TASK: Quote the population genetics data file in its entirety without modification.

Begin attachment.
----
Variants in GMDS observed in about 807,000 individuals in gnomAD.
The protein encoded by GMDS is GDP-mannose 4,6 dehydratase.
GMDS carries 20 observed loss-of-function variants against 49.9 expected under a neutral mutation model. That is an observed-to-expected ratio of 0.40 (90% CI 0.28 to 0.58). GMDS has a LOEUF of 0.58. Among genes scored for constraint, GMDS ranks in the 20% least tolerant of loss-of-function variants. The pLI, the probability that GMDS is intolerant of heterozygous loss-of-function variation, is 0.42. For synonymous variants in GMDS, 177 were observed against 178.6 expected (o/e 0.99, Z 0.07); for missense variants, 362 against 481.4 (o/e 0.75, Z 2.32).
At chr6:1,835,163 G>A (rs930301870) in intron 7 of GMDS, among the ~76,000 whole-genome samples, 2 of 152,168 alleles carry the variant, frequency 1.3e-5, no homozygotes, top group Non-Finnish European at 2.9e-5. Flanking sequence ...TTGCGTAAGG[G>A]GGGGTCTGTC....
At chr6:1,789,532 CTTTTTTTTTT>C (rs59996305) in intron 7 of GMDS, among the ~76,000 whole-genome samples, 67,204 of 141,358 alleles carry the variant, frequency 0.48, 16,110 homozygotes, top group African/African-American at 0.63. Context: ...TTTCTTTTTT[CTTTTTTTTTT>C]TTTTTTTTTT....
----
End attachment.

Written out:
Variants in GMDS observed in about 807,000 individuals in gnomAD.
The protein encoded by GMDS is GDP-mannose 4,6 dehydratase.
GMDS carries 20 observed loss-of-function variants against 49.9 expected under a neutral mutation model. That is an observed-to-expected ratio of 0.40 (90% CI 0.28 to 0.58). GMDS has a LOEUF of 0.58. Among genes scored for constraint, GMDS ranks in the 20% least tolerant of loss-of-function variants. The pLI, the probability that GMDS is intolerant of heterozygous loss-of-function variation, is 0.42. For synonymous variants in GMDS, 177 were observed against 178.6 expected (o/e 0.99, Z 0.07); for missense variants, 362 against 481.4 (o/e 0.75, Z 2.32).
At chr6:1,835,163 G>A (rs930301870) in intron 7 of GMDS, among the ~76,000 whole-genome samples, 2 of 152,168 alleles carry the variant, frequency 1.3e-5, no homozygotes, top group Non-Finnish European at 2.9e-5. Flanking sequence ...TTGCGTAAGG[G>A]GGGGTCTGTC....
At chr6:1,789,532 CTTTTTTTTTT>C (rs59996305) in intron 7 of GMDS, among the ~76,000 whole-genome samples, 67,204 of 141,358 alleles carry the variant, frequency 0.48, 16,110 homozygotes, top group African/African-American at 0.63. Context: ...TTTCTTTTTT[CTTTTTTTTTT>C]TTTTTTTTTT....